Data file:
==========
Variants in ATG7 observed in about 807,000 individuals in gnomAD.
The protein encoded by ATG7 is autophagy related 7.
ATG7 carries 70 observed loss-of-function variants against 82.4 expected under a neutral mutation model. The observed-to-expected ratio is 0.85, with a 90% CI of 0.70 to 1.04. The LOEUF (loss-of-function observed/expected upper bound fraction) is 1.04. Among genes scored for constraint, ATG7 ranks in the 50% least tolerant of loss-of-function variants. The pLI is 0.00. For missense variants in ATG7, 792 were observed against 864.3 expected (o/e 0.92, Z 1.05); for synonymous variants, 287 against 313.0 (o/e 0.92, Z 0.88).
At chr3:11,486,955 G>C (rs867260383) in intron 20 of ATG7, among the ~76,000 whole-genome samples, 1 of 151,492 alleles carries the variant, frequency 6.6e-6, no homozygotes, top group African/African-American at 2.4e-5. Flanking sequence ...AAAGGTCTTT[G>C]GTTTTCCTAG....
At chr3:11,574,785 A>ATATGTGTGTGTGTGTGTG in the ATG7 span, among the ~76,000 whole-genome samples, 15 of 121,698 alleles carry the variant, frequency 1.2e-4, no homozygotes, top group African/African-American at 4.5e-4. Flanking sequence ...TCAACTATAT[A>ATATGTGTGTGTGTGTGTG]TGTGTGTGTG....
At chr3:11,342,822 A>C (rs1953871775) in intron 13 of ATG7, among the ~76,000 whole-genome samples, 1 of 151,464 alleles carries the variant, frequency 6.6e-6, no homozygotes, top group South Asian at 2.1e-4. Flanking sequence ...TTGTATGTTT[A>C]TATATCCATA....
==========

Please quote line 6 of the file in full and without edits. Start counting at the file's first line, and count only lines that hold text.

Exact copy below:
At chr3:11,342,822 A>C (rs1953871775) in intron 13 of ATG7, among the ~76,000 whole-genome samples, 1 of 151,464 alleles carries the variant, frequency 6.6e-6, no homozygotes, top group South Asian at 2.1e-4. Flanking sequence ...TTGTATGTTT[A>C]TATATCCATA....